The Visalia Unified School District (VUSD) Board of Trustees has halted plans to build a fifth high school in the wake of the failure of Prop. 13 on the March ballot.
“The board has decided that we are not moving ahead with the high school at this time and that we need to do more focus on modernization of the rest of the district,” said Board President John Crabtree.
Instead, the VUSD plans to redraw attendance boundaries for its four existing schools to more evenly spread the student population. Currently, El Diamante and Redwood High Schools carry a disproportionately large percentage of students.
Failure of Prop. 13
Leading a list of causes behind the decision to end the project was the lack of funding from the state. In March, California voters rejected Prop. 13, which would have allowed the sale of $15 billion in bonds to fund construction and modernization of the state’s aging campuses. The VUSD was counting on that money for the fifth high school, and without it the project appears dead.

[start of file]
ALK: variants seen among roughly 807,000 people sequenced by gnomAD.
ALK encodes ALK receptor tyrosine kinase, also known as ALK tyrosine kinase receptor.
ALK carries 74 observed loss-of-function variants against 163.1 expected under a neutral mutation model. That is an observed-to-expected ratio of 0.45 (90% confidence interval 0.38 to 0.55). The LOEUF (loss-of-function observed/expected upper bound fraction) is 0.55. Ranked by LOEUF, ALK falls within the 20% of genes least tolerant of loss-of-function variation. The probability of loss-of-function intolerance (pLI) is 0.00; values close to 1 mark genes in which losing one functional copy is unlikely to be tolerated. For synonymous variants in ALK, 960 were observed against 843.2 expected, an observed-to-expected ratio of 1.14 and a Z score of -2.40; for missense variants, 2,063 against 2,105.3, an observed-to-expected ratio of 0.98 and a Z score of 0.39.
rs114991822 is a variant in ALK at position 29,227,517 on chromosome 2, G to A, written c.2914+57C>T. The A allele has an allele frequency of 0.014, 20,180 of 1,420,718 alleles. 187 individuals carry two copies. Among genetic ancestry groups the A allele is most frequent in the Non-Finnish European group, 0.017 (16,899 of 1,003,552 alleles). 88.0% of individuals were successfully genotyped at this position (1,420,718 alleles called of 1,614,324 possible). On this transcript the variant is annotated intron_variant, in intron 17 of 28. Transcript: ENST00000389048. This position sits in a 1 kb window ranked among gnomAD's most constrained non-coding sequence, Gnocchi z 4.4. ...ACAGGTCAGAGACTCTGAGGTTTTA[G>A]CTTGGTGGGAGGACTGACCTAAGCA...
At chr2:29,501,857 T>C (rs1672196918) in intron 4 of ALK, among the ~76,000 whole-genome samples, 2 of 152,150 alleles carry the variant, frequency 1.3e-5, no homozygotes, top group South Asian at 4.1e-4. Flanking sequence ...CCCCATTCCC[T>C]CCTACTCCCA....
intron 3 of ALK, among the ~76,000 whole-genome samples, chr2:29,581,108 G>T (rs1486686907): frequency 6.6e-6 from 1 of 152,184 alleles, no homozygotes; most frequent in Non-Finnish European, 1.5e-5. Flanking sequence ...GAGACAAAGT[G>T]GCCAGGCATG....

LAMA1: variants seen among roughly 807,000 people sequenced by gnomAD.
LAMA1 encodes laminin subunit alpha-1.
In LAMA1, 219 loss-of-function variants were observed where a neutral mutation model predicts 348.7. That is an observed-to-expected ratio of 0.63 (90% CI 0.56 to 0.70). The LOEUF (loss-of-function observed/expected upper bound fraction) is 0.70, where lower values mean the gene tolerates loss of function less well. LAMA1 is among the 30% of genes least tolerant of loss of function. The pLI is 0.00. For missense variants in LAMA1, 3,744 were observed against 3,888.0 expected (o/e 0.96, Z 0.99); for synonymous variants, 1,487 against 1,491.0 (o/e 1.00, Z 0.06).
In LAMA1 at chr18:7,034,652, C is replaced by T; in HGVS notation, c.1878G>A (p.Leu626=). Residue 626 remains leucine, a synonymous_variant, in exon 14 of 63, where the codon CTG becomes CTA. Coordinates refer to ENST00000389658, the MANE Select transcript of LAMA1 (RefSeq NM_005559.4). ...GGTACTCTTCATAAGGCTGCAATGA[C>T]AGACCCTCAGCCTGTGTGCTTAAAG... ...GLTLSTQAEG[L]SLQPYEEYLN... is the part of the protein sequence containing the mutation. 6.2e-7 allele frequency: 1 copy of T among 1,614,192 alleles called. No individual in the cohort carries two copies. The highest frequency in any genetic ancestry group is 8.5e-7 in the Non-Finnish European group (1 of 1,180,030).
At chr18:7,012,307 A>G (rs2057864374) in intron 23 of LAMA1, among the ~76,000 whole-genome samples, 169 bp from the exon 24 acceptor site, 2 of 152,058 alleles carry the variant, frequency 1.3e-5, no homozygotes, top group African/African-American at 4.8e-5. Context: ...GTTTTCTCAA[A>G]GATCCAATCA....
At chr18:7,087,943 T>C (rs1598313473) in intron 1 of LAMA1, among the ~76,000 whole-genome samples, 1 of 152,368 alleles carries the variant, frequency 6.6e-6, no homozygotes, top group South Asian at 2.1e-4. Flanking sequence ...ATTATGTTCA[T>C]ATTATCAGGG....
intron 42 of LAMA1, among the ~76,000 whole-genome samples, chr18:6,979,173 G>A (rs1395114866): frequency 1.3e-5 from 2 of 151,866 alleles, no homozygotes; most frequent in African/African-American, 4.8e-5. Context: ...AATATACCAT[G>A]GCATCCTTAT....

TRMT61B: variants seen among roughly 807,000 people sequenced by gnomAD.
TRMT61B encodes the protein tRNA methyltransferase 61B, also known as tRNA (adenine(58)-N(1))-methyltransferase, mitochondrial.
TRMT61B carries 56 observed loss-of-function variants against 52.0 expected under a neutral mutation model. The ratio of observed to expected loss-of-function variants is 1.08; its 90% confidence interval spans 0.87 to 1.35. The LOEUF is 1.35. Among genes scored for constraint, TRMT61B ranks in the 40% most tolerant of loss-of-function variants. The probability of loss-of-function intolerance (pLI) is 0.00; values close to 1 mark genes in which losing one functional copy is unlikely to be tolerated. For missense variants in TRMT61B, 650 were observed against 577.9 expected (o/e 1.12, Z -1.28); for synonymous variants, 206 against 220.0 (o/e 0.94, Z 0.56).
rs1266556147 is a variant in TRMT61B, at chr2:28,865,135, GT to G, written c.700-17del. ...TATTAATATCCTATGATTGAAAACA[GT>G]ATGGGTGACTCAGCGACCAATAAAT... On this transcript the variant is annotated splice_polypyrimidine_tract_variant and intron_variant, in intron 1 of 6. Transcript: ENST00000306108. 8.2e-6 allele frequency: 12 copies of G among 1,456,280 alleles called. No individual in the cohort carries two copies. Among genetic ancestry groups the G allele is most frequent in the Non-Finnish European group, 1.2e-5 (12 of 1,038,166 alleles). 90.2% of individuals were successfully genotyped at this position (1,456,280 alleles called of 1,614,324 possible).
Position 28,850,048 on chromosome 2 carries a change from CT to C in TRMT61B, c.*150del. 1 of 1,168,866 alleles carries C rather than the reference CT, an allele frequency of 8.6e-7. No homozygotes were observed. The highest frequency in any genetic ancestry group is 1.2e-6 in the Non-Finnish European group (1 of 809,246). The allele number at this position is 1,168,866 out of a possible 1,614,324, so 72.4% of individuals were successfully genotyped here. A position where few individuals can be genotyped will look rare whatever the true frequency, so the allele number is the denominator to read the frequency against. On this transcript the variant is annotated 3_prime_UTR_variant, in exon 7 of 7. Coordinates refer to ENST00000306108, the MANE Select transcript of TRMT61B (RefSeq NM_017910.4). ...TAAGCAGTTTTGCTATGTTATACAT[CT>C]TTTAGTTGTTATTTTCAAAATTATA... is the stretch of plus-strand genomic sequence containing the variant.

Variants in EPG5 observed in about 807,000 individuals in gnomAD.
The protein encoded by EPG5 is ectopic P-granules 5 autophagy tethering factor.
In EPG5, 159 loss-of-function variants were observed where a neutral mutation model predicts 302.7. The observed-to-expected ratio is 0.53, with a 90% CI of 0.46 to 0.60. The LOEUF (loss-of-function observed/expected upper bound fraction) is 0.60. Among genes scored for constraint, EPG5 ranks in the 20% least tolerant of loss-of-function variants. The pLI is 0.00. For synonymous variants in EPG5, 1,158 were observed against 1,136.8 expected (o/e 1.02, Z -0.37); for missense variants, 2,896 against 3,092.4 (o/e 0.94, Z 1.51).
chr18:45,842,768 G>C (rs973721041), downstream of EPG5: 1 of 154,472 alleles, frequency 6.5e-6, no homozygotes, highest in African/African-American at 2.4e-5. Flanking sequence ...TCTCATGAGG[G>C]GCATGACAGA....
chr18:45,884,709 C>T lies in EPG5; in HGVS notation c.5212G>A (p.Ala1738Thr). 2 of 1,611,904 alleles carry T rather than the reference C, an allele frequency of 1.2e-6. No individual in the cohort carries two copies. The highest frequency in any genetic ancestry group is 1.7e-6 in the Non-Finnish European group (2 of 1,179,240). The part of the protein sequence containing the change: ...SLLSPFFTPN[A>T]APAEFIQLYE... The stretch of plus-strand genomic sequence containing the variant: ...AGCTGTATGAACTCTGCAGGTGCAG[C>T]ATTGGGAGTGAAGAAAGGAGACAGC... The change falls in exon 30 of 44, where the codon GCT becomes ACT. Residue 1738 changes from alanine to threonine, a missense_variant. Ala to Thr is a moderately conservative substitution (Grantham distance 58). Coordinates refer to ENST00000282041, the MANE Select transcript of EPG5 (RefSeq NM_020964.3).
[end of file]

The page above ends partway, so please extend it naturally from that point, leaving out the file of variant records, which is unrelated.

Yet that isn’t the only reason VUSD trustees shied away from beginning a major building effort. The uncertain economic future created by reaction to the COVID-19 pandemic is also to blame.
“There really aren’t going to be any matching funds from the state based on the way this economy is going,” Crabtree said. “There are going to be a lot of things that are going to change that we can’t possibly imagine. To suggest that we would even allow ourselves to spend another $30 million on a high school at this time would just be crazy to me.”
Area 1 Trustee Walta Gamoian echoed Crabtree’s sentiments.
“I think we’re in a time of economic uncertainty, we still have an outstanding debt with that COP (certificates of participation) with only $14 million of the $60 million that’s been paid,” she said. “I don’t know where we’re going to get an additional $30 million.”